There was much talk about an iPhone 12 supercycle – a year in which dramatically more people than usual upgrade to the latest models. Apple’s adoption of 5G was said to be the likely driver of the extra sales, and one firm of analysts says that this is happening on an almost unprecedented scale.
The last true supercycle was in 2014, when Apple finally moved to larger displays, tapping into strong pent-up demand. The big question was whether sales of the iPhone 12 could match the pre-launch hype, and Wedbush believes that the answer is yes…
Wedbush bases its conclusion on supply-chain checks, and says it hasn’t seen anything like this since 2014.
Phone 12 supercycle under way; so far reality is meeting the initial hype. With more order activity kicking in over the last few weeks for iPhone 12 our reads are very bullish and give us incremental confidence in our supercycle thesis on iPhone 12.
Based on our fresh Asia checks over the last few days we now believe the supply chain is anticipating low to mid 90 million iPhone unit builds for the December quarter. To put this in context, last week we had this in the 80 million range with a stretch goal in the mid 80 million range and heading into late October we were anticipating 75 million units as the line in the sand and roughly nine weeks ago this number was in the 65 million to 70 million range. This is roughly a 35% increase from our original and Street forecasts.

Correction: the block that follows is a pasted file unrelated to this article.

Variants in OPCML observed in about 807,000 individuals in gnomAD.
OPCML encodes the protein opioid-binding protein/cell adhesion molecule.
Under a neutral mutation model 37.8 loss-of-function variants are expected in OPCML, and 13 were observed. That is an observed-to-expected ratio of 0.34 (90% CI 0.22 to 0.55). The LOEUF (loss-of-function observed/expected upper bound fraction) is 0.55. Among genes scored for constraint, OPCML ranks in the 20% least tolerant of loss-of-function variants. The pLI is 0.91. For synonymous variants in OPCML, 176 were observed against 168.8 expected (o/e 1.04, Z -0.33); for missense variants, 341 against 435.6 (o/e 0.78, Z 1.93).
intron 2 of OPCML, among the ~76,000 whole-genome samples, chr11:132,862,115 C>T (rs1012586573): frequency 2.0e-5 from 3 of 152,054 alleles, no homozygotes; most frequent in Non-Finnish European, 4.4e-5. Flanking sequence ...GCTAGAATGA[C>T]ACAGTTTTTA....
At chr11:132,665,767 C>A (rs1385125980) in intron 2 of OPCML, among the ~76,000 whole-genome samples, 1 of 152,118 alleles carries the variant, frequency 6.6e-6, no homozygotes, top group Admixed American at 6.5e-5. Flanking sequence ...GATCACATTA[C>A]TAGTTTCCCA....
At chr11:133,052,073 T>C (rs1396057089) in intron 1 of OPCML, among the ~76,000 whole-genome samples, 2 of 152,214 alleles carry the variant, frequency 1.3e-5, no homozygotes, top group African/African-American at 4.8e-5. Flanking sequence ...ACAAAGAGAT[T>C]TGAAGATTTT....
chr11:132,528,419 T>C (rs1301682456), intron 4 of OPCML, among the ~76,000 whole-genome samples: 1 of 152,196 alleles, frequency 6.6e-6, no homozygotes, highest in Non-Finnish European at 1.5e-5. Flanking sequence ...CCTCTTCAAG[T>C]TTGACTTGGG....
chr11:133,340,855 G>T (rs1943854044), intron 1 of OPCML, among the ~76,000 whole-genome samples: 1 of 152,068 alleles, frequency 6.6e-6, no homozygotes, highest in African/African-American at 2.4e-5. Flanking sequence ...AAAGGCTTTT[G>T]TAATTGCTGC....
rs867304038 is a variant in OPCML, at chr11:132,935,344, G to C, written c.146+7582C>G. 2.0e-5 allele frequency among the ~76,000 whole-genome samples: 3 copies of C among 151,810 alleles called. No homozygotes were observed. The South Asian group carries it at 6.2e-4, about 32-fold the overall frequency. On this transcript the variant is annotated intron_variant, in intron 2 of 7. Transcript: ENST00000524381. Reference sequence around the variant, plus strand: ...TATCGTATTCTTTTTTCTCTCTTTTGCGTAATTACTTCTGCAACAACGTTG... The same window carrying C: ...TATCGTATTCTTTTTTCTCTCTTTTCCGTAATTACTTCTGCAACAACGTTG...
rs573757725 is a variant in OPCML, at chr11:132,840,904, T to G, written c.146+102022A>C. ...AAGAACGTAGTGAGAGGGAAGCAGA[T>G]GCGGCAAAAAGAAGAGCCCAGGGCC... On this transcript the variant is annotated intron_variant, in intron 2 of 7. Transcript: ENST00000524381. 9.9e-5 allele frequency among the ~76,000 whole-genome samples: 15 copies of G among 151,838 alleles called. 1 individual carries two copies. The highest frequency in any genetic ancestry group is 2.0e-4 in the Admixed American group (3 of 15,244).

For the March quarter we believe builds for total iPhones ticked up again another 5% over the last week and are now in the 60 million to 70 million range. For the June quarter we believe initial builds are in the low 40 million range with potentially an upward bias.
We have not seen a launch uptrend such as this in a number of years for Apple and the only iPhone trajectory similar would be the iPhone 6 in 2014 based on our analysis.
Wedbush says it’s even possible that the iPhone 12 line-up will do better than the iPhone 6 one.
Apple CEO Tim Cook has frequently cautioned against reading too much into supply-chain sources. Apple likes to source components from multiple suppliers, so the fortunes of any one of them may not reveal anything other than the Cupertino company switching orders between them. However, looking at the size of orders received by multiple Apple suppliers, as well as any increases or decreases to those orders following launch, can provide insight into likely sales numbers.
Wedbush’s report also tallies with an earlier Nikkei one, which said Apple had boosted supplier orders by 20-30%.
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